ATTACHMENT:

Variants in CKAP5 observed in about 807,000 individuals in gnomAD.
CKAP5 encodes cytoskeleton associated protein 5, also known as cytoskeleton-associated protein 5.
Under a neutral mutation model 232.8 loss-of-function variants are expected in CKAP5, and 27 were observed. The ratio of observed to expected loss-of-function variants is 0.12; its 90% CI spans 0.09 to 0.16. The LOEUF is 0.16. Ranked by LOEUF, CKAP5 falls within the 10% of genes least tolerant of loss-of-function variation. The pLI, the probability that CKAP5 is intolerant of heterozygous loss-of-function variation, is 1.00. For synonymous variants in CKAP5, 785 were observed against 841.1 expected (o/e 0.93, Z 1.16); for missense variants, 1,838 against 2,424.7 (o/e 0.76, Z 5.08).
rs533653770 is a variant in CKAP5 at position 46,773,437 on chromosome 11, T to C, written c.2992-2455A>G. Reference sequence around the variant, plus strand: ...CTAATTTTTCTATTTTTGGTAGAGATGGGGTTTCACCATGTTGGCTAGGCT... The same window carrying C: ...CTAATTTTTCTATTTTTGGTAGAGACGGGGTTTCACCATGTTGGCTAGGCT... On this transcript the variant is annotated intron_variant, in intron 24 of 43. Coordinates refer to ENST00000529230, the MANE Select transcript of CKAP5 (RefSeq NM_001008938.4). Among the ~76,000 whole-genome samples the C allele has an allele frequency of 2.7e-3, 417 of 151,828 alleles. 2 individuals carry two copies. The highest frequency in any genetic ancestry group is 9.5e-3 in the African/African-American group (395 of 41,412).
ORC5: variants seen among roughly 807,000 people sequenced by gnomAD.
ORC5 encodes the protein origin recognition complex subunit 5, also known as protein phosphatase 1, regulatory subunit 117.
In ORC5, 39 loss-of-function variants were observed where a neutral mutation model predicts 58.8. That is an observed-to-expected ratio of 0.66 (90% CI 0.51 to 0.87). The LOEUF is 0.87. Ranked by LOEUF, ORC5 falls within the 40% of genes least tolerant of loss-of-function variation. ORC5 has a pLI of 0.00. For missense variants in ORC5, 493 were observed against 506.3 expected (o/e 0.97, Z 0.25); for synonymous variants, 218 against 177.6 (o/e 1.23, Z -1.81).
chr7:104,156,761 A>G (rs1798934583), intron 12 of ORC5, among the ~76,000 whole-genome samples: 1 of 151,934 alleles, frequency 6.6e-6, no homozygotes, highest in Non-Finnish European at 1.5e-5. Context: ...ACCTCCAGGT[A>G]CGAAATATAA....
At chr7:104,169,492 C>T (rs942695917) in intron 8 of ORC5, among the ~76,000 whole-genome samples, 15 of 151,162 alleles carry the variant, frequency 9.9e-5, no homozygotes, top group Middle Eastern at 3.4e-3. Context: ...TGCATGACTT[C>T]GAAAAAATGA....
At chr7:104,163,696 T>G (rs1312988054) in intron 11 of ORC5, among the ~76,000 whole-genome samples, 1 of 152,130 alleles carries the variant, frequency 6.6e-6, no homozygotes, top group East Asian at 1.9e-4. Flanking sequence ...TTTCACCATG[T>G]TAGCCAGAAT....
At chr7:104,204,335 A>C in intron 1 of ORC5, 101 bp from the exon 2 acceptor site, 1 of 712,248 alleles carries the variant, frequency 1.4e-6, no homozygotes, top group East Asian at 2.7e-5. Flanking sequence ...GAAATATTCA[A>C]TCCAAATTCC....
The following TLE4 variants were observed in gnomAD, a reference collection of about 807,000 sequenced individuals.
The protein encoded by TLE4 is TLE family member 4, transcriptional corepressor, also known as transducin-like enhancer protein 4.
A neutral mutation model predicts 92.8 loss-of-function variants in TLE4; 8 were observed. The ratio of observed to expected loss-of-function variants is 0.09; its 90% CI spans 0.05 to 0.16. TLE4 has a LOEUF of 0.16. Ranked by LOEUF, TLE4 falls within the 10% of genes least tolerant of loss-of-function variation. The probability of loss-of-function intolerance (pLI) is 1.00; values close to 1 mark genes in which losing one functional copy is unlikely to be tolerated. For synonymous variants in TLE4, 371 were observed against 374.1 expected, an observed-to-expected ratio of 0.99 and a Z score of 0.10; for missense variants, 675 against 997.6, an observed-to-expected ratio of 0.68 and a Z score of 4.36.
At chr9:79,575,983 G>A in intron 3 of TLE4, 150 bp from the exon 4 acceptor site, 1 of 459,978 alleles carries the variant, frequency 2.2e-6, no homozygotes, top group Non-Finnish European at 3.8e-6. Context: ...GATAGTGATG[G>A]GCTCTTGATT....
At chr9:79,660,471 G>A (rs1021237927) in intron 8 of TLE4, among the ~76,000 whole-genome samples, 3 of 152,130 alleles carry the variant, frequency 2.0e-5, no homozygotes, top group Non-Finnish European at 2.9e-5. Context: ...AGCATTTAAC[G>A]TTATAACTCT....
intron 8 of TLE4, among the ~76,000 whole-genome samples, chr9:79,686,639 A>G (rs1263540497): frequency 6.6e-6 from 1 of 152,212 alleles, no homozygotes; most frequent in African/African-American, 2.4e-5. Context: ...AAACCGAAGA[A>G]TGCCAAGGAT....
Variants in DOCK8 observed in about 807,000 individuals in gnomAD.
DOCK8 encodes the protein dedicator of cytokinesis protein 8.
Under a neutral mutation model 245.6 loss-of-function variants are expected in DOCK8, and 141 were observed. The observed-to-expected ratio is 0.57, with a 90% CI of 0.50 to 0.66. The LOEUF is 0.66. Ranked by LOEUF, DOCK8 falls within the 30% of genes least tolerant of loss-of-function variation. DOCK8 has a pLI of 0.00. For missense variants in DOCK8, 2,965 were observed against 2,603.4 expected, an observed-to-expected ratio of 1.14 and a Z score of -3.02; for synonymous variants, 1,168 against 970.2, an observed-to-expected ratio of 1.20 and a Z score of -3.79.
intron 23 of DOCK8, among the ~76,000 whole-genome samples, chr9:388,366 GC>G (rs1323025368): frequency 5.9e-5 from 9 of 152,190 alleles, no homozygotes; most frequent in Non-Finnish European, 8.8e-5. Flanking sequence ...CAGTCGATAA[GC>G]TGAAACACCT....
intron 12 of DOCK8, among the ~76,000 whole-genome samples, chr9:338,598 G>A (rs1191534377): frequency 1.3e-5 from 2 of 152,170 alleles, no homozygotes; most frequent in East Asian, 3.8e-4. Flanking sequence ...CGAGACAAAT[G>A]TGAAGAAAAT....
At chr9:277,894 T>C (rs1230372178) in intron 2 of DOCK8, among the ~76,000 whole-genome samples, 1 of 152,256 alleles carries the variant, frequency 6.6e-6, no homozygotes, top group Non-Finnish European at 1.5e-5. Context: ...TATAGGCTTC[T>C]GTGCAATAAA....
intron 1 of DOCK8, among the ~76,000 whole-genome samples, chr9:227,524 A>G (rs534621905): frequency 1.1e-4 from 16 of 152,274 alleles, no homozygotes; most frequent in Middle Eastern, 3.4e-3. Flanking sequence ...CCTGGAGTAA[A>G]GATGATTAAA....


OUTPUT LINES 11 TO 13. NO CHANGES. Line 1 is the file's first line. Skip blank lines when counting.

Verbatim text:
At chr7:104,204,335 A>C in intron 1 of ORC5, 101 bp from the exon 2 acceptor site, 1 of 712,248 alleles carries the variant, frequency 1.4e-6, no homozygotes, top group East Asian at 2.7e-5. Flanking sequence ...GAAATATTCA[A>C]TCCAAATTCC....
The following TLE4 variants were observed in gnomAD, a reference collection of about 807,000 sequenced individuals.
The protein encoded by TLE4 is TLE family member 4, transcriptional corepressor, also known as transducin-like enhancer protein 4.